Valuable Lessons in Practical Living
Fr. Bob’s reflections on interfaith relations, drawing on his immensely rich experiences of living among Bangladeshi Muslims over several decades, are immensely useful.
I Am Indeed Their Brother: Loving and Serving Allah’s Poor
By Fr. Bob McCahill
Gujarat Sahitya Prakash, Anand, Gujarat (www.gspbooks.in)
2018, 158 Pages, Rs. 150
Reviewed by Roshan Shah
This is one of the most inspiring books I’ve ever read—and it’s about a truly inspiring person: a Catholic priest born in the USA who has spent more than 40 years serving the poor and the sick in Bangladesh, where, even now, at the age of 81, he continues to live.
Born in 1937, Bob McCahill’s dreams as a child changed over the years—at one time he wanted to become a cartoonist, at another time a pilot and still later an archaeologist. But at the age of 19, on 31st October 1956, he was struck by the inspiration to become a Catholic priest!
In pursuance of his calling, Bob joined the Maryknoll Mission Society, the Catholic Foreign Mission Society of America, being ordained as a priest at the age of 26. After serving in the Philippines for some years, he landed in Bangladesh.
Service to the Sick-Poor
Since 1976, Fr. Bob has been sending a letter to his friends in the USA and other countries always on 31stOctober, the day he was given a lifelong motivation to do what he regarded as God’s will for him. This book is a collection of 42 letters, from 1976 to 2017. The theme of these letters is basically one: highlighting how Fr. Bob seeks to lead a life of love of and service to the sick-poor, inspired by Jesus, his model, among the people of Bangladesh, finding them, as he puts it, “to be persons of faith, worthy of Christian respect and praise.”
Over all these many years in Bangladesh, shifting from one small town to the other and venturing into the countryside on his bicycle, Fr. Bob has sought to live like and among the poor, adopting a life of austere simplicity. Wherever he goes, he tries to make himself useful to the people he meets, befriending them, sharing in their joys and sorrows and looking for ways to bring a smile to their faces. Helping them access medical treatment is one particular thing that he focuses on.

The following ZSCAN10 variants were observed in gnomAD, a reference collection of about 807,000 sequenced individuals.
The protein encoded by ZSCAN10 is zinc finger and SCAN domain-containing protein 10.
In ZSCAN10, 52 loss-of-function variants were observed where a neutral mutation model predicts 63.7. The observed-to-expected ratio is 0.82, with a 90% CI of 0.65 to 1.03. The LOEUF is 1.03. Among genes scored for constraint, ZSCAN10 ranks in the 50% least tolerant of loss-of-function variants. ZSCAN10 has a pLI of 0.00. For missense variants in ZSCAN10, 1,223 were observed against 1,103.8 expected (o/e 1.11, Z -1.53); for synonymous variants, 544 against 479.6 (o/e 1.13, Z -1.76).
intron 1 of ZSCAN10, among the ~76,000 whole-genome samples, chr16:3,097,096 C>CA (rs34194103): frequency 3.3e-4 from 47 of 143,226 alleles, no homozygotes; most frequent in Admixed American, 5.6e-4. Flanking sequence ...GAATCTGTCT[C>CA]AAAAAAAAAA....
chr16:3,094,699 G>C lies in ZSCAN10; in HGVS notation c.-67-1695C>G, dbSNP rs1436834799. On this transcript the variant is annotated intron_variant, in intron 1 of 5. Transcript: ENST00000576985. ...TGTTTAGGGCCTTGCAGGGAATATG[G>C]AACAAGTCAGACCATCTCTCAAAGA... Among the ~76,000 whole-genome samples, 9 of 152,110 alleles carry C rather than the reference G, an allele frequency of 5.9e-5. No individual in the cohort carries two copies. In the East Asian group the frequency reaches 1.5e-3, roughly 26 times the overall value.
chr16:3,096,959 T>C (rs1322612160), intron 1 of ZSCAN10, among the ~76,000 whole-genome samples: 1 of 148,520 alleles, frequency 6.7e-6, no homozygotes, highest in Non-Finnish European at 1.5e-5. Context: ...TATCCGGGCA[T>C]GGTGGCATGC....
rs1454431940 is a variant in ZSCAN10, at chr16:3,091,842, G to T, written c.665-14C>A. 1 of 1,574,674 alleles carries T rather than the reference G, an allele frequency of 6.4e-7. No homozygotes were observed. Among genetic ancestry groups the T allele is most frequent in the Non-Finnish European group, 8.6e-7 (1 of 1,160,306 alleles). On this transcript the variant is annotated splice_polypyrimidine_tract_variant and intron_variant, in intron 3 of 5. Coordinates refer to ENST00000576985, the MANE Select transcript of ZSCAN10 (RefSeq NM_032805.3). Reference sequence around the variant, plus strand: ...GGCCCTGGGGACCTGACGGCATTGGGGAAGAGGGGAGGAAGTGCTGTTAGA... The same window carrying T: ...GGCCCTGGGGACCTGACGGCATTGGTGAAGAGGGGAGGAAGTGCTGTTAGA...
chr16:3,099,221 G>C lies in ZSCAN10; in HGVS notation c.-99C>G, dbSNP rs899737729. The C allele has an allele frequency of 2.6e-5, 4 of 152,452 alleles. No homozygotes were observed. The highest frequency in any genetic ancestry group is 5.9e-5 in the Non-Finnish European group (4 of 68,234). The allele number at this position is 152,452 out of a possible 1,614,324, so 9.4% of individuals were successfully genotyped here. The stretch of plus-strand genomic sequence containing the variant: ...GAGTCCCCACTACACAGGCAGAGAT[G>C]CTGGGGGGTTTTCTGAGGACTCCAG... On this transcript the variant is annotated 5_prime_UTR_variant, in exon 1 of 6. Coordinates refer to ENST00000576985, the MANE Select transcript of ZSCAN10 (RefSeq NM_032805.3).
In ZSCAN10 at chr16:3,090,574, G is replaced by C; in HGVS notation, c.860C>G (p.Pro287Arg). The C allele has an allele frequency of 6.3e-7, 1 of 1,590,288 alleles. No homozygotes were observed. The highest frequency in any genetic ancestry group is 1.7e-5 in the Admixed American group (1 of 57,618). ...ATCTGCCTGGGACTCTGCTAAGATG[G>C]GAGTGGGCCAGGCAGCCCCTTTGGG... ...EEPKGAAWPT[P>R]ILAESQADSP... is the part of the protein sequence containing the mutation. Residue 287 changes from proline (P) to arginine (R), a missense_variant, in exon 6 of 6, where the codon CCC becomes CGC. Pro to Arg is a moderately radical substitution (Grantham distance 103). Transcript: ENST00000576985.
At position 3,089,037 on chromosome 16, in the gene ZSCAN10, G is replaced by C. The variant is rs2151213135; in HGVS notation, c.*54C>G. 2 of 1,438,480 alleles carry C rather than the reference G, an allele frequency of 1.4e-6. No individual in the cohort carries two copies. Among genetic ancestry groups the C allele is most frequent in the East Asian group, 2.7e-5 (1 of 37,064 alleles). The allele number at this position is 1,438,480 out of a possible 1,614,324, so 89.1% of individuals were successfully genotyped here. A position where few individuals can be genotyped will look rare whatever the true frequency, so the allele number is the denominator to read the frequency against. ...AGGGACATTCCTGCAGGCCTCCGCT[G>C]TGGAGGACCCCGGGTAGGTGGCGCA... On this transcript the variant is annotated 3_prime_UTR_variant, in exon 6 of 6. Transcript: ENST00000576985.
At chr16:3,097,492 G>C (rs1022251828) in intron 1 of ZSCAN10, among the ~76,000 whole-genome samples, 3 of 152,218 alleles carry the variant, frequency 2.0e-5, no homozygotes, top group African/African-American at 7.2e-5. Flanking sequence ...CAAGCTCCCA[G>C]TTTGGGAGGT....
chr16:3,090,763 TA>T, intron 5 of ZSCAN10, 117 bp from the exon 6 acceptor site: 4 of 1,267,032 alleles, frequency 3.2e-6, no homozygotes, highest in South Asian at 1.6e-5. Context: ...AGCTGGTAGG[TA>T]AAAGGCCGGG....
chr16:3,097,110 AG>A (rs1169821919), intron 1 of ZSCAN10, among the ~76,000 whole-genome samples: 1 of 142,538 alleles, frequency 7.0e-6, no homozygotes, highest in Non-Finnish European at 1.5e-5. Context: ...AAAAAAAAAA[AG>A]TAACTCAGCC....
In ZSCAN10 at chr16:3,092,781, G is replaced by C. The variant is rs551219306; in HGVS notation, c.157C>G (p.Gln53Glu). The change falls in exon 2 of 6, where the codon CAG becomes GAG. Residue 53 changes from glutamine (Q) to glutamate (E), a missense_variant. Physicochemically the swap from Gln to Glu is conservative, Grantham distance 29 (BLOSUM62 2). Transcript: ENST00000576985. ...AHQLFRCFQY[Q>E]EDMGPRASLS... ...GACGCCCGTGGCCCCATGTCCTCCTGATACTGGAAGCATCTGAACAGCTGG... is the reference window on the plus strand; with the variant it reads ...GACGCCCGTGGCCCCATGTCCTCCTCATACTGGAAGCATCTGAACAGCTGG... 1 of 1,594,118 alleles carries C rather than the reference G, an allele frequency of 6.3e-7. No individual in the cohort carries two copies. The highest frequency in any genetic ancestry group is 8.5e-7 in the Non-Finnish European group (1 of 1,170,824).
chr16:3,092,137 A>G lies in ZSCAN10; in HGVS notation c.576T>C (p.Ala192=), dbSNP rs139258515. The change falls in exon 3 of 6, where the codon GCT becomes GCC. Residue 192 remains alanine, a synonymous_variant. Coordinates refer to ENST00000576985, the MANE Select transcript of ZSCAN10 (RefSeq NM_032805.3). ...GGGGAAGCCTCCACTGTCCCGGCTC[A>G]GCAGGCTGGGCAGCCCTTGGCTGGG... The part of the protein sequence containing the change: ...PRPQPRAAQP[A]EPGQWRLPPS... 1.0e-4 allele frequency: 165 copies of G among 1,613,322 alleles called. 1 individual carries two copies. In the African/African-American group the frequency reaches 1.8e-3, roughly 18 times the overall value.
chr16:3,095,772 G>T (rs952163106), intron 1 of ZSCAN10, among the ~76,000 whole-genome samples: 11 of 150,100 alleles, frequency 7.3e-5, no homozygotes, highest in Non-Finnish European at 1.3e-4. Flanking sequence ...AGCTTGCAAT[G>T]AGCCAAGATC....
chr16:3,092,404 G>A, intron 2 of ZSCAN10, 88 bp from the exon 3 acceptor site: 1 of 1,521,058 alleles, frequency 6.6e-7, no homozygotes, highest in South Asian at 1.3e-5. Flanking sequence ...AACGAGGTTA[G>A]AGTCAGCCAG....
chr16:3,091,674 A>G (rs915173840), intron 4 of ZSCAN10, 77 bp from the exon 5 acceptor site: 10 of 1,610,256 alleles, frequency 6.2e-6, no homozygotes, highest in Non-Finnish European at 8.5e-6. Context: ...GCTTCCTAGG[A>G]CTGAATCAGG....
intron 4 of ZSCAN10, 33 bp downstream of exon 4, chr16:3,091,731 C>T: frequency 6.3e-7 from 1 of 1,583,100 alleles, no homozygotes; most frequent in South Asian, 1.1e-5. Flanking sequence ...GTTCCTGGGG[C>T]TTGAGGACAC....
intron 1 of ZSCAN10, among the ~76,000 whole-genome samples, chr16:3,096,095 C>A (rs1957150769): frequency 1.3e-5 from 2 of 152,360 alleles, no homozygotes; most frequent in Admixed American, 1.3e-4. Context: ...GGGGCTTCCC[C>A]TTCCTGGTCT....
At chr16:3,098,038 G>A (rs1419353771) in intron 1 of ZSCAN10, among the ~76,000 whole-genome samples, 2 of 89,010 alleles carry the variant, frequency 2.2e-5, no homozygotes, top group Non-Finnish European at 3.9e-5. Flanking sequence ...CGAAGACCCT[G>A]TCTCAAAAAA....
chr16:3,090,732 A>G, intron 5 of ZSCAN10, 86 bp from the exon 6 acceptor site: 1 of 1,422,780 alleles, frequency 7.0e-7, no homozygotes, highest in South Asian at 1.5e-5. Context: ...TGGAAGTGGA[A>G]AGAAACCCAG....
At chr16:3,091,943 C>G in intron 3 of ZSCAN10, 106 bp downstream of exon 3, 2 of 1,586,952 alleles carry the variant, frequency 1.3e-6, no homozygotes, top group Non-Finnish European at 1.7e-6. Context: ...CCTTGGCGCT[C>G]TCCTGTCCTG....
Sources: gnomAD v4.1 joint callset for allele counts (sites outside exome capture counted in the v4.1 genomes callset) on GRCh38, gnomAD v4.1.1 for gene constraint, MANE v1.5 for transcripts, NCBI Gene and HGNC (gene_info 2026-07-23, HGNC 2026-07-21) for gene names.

Lifestyle of Simplicity
Fr. Bob’s example, as emerges from the letters, provides useful insights that can help us make our own lives more meaningful. We learn from him that simply preaching the virtues of one’s faith is one thing, but living out those virtues oneself is quite another. His life reminds us that we can’t grow spiritually without love and concern for the poor. His lifestyle of simplicity and voluntary poverty, emulating that of the people among whom he lives, is another great life-lesson.
Fr. Bob also provides us valuable guidance with regard to the ethics of interfaith interaction—something of enormous contemporary relevance. He is a wonderful example of how religious pluralism can become a great blessing for our own inner growth: we can gain immensely as individuals through interacting with and learning from people of diverse faith backgrounds and from a respectful appreciation of their religious traditions.
In the context of a long history of conflictual relations between Christians and Muslims in many parts of the world down the centuries, Fr. Bob’s reflections on interfaith relations, drawing on his immensely rich experiences of living among Bangladeshi Muslims over several decades, are immensely useful. He has some very practical suggestions to offer in this regard. Noting that many Muslims continue to harbour negative feelings about Christians on account of the Crusades and European colonialism, Fr. Bob suggests that Christians should reach out to Muslims and help alter their perceptions by sincere concern for their welfare (such as in the fields of health and education and working together for social reform). “As we learn to serve one another—we to serve Muslims and they to serve Christians—we get a glimpse of paradise”, he believes.
Fr. Bob notes many Muslims’ suspicions that Christian missionaries serve the poor simply to convert them to Christianity. “Sad to say, there is some basis in fact—both historical and current—for that perception”, he writes. The most effective remedy for this Muslim perception, he says, is for Christian missionaries to give up conversion as the purpose of mission. Noting that the Church “is pleading for Christians and Muslims to work together”, he rightly observes that “we and they can only work together enduringly with persons we trust” and explains that “Muslims cannot trust missionaries among them unless the missionaries plainly exclude the intention to make converts.”
Fr. Bob’s own example provides valuable lessons on how both Muslims and Christians (both of whose religions are missionary) could rethink their approach to religious conversion and to interfaith relations more generally. What is important is the sort of life people lead, inspired by their faith, and not mere verbal proclamation of one’s religion, he seems to suggest. Important also is the need to respect and appreciate the goodness in other religions.
This book—outpourings from the heart of an inspired man—is a real treasure, providing valuable lessons in practical living for individuals as well as for entire communities, such as Muslims and Christians, who just have to learn to live together more harmoniously, for their own good and that of the rest of the world.